King HezekiahWhat was the remedy for those that “ate the Passover otherwise than (Torah) prescribed”? Our tenderhearted King PRAYED for the people. You aren’t going to find a precedent for this in the Torah, and yet Hezekiah did so anyway. He was far more concerned that the people return to YHWH and keep the covenantal Passover meal than he was for strict observance. I don’t believe that Hezekiah was snubbing his nose at YHWH’s Word, nor do I believe that he was a compromiser. I also don’t believe that his actions were “adding to” the Torah. Yet sadly, many in our midst today would have accused Hezekiah of all of these things and more. What we should concern ourselves with is YHWH’s response:

So the LORD heard Hezekiah and healed the people. (2 Chron. 30:20)

Instead of acting by the strictest judgment of His Torah, YHWH extended mercy to the people. In other words, according to the Torah, the people deserved to be “cut off” from Israel and to bear the full weight of their sins. The wages of sin is death; and thus, the holy Torah would judge them as guilty. But YHWH heard Hezekiah’s heartfelt prayer and HEALED the people. He CHOSE to exercise mercy and compassion toward the people even while they reeked of death. This is the SPIRIT of the Torah.

In light of the Torah commandments of Passover and this very real example of a Passover restoration, how do you suppose that YHWH expects us to deal with those that desire to eat of the Passover “other than what is prescribed”? Do we judge them based on the strictest sense of the Law? Or do we extend mercy and compassion unto them and pray for healing and complete restoration? While it is clear what the Torah says, we also have a very real example of what YHWH Himself did for Hezekiah. I believe cases like this are written so that our sword of Spirit and Truth remains balanced. It is vital that we understand righteous judgment AND divine mercy. For our Elohim is both!

Those that have been forgiven much, love much. (Luke 7:36-50) Can you even imagine the immense joy that was experienced at Hezekiah’s Passover? Beloved, we CAN have this same zeal!

The sons of Israel present in Jerusalem celebrated the Feast of Unleavened Bread for seven days with great joy, and the Levites and the priests praised the LORD day after day with loud instruments to the LORD. Then Hezekiah spoke encouragingly to all the Levites who showed good insight in the things of the LORD. So they ate for the appointed seven days, sacrificing peace offerings and giving thanks to the LORD God of their fathers. (2 Chron. 30:21-22)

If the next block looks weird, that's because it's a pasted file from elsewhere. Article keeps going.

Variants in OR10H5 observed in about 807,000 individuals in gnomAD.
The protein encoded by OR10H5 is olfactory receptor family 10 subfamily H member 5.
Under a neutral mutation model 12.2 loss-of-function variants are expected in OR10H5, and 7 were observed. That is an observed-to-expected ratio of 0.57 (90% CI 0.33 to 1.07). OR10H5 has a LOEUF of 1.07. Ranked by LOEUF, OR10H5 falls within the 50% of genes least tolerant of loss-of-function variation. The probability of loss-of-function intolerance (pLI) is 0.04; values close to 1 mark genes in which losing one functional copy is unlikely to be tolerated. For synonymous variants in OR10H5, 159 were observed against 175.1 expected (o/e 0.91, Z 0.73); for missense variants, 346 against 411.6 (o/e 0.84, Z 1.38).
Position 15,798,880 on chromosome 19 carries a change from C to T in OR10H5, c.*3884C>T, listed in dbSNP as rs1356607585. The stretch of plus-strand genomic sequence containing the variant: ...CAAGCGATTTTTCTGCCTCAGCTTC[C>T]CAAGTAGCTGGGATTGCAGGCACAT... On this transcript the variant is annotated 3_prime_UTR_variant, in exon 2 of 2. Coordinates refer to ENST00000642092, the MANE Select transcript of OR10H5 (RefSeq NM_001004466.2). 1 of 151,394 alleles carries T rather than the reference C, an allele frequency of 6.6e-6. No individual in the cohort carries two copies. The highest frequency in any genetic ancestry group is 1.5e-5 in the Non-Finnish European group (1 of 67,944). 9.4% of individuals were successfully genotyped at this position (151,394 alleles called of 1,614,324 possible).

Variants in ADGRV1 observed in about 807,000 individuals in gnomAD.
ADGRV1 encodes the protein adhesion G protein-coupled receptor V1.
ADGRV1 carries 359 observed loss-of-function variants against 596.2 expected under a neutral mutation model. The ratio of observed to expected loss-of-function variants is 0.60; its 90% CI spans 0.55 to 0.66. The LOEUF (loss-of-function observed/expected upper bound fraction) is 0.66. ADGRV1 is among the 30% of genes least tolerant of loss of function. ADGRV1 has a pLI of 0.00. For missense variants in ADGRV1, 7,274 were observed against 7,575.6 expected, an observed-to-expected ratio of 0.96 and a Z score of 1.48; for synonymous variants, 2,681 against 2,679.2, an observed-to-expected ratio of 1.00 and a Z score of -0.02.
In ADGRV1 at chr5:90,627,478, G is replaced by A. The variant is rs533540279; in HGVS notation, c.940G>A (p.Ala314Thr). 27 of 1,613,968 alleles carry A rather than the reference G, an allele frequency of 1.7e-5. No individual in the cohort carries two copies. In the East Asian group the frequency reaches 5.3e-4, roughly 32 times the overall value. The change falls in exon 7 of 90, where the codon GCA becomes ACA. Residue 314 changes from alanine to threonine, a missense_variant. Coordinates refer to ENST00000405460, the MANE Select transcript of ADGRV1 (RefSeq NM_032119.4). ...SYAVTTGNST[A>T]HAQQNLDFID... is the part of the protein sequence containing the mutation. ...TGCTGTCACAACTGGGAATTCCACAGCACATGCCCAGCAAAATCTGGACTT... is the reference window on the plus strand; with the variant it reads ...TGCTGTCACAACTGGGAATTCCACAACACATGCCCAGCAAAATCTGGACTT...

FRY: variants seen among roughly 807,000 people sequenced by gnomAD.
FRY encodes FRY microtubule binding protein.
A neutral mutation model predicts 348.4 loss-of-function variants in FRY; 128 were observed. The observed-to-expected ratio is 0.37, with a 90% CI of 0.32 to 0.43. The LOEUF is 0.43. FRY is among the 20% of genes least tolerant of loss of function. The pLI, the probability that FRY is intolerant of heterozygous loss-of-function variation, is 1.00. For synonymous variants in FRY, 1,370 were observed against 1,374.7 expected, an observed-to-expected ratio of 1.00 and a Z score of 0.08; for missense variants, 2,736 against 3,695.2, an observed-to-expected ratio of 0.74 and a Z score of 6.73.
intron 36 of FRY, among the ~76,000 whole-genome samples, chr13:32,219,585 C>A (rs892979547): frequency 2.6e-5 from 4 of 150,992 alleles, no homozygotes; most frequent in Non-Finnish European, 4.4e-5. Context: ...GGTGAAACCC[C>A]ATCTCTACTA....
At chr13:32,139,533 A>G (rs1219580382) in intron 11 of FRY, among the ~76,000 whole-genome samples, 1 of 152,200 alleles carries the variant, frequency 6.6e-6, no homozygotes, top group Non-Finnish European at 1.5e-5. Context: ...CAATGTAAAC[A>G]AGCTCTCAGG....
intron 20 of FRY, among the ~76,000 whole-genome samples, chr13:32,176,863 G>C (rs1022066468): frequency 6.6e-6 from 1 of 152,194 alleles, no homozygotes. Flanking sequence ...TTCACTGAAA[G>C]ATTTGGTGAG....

Adding Even More to the Torah?

The people were so overwhelmed with the joy that comes from forgiveness and unity that they decided to celebrate the feast of Passover (Unleavened Bread) for an additional seven days.

Then the whole assembly decided to celebrate the feast another seven days, so they celebrated the seven days with joy. For Hezekiah king of Judah had contributed to the assembly 1,000 bulls and 7,000 sheep, and the princes had contributed to the assembly 1,000 bulls and 10,000 sheep; and a large number of priests consecrated themselves. All the assembly of Judah rejoiced, with the priests and the Levites and all the assembly that came from Israel, both the sojourners who came from the land of Israel and those living in Judah. (2 Chron. 30:23-25)

It seems as though this story once again challenges us to find the Spirit of the Torah rather than the Letter. Both matter a great deal. The decision of the assembly to add an additional seven days to the feast of Unleavened Bread wasn’t frowned upon by the Almighty. Instead, we are told that their voices were heard in Heaven.

So there was great joy in Jerusalem, because there was nothing like this in Jerusalem since the days of Solomon the son of David, king of Israel. Then the Levitical priests arose and blessed the people; and their voice was heard and their prayer came to His holy dwelling place, to heaven. (2 Chron. 30:26-27)

Perfect Before Pesach?

As you can see, the priests and the people did not come to the Passover table perfect. They had sin that had to be dealt with and many other areas where improvement was needed. But, if we think back to the original Exodus, this shouldn’t surprise us. The children of Israel were in the same boat before YHWH brought them out of Egypt. In fact, we could say the same thing about us. If we lose sight of what the Pesach meal really represents and begin demanding that others be “perfect” in order to celebrate this memorial, we become the ones that are “adding to the Torah”. Yet, that’s what I see happening all over the place.

asherah-poleWhile the false altars were removed from Jerusalem before Hezekiah’s Passover, the rest of the cities in the kingdom (where most of them lived) were still inundated with idols. And even still, YHWH received the people. It wasn’t until AFTER they had celebrated Unleavened Bread for two weeks that the rest of the kingdom was cleaned up. (2 Chron. 31:1)

Passover is the gateway, the bloody door of the covenant. It is the beginning of “our beginning” with YHWH through Yeshua. We are immature at our first Passover. We still carry baggage and junk and possibly a lot of leavened crumbs that we must LEARN to identify and remove. This is a process and a practice. We don’t say the old adage “practice makes perfect” for no reason. We say it because it is TRUE.